Prisoner ‘Confesses’ To ‘Making A Murderer’ Killing

Prisoner ‘Confesses’ To ‘Making A Murderer’ Killing

prisoner 'confesses' to making a murderer murder


A Wisconsin prisoner has allegedly confessed to the murder of Teresa Halbach, a case made famous through Netflix’s Making A Murderer. 

The series details how Manitowoc County resident Steven Avery was accused and ultimately put behind bars for the 2005 murder, though it sheds light on inconsistencies in the investigation to suggest the 57-year-old may have been set up by corrupt law enforcement officers.

Making A Murderer became hugely popular after the first season was released in 2015, followed by season two last year, with many fans convinced Avery was wrongly accused.

Filmmaker Shawn Rech was one of millions to watch the show and in an interview with Newsweek he admitted he felt ‘angry with law enforcement’ and ’embarrassed as an American’ for what happened to Avery.

After conducting his own research into the case he felt he had been misled by the series.Steven Avery


In an attempt to tell the ‘whole story’, Rech is creating his own series, titled Convicting A Murderer, which will include parts the Netflix series left out.

The creator claims he got the confession while filming the series, though it did not come from Avery or his nephew Brendan Dassey, who was also convicted for the crime.

Instead, it came from a Wisconsin inmate who has not been named but is said to be a ‘notable convicted murderer’.

Though the legitimacy of the confession has not yet been verified, the filmmaker is passing it on to Wisconsin law enforcement.

He told Newsweek:

We haven’t confirmed the legitimacy of the confession, but seeing as it was given by a notable convicted murderer from Wisconsin, we feel responsible to deliver any and all possible evidence to law enforcement and legal teams.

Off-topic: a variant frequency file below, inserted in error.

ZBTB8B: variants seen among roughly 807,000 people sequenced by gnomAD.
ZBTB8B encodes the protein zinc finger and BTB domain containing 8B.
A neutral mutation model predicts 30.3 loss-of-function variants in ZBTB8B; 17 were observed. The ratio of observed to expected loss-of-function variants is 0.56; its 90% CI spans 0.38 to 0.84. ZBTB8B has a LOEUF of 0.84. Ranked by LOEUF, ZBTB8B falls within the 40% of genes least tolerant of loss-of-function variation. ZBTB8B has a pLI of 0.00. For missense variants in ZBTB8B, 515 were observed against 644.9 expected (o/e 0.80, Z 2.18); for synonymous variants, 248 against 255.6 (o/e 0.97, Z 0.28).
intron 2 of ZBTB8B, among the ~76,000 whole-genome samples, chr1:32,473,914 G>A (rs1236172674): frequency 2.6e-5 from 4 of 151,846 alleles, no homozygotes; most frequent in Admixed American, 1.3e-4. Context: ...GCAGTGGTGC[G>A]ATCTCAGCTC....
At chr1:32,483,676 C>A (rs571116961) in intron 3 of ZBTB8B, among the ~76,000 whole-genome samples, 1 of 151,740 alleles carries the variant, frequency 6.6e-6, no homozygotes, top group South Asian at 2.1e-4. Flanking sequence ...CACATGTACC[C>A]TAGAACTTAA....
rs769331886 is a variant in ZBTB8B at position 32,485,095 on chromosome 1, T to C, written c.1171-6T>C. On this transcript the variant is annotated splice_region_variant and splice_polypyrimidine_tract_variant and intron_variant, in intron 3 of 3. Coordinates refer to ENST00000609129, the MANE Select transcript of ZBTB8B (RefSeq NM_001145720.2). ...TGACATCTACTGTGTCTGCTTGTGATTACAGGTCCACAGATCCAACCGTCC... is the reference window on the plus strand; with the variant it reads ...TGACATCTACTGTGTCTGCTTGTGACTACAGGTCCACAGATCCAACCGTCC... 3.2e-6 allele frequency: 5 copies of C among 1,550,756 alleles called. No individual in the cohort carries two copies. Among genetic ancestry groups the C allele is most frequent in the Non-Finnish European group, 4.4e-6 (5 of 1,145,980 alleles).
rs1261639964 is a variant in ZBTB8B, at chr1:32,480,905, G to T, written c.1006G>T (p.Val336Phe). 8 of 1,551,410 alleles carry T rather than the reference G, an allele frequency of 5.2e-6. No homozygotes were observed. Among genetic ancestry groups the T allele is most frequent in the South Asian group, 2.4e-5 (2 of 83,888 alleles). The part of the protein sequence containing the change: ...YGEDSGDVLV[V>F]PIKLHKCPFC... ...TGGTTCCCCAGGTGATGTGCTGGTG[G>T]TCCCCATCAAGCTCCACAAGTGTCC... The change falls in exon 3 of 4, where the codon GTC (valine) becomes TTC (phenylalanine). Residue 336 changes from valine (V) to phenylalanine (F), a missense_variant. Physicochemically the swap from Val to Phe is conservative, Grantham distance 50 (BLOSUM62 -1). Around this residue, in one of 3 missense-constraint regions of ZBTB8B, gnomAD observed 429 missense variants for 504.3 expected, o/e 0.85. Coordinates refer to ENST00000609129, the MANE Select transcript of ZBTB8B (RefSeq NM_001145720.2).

Having been in production for 20 months, we’ve uncovered an unfathomable amount of information and evidence that is leading us to the truth. Our investigation does not end here.

If the inmate’s confession is found to be reliable it could exonerate Dassey and Avery, both of who have already spent more than a decade behind bars. Avery is serving a life sentence without parole, while Dassey, who is also serving a life sentence, currently will not be eligible for parole until 2048.

Watch the Convicting A Murderer trailer below:

The two men fought their charges; Dassey took his case all the way to the Supreme Court, where his attempt at a new trial was rejected, while Avery continues the appeal process.

Avery’s lawyer, Kathleen Zellner, has spent years recreating parts of the crime scene and collecting evidence in an attempt to prove the wrong person was convicted. Earlier this month, she offered a $100,000 reward for the real killer.

Zellner’s law firm told Heavy they knew of the person who had confessed, stating:

The inmates [sic] name is familiar to us but I do not want to release it yet. We were contacted a week ago by the inmate. He mailed the handwritten confession to us before he contacted the production company.

The confession occurred solely because of our 100k reward offer and had nothing to do with the production company. When we did not immediately respond to this person he called the production company.

Zellner added on Twitter:

We received the handwritten confession on Saturday. It is worthless unless it is corroborated.





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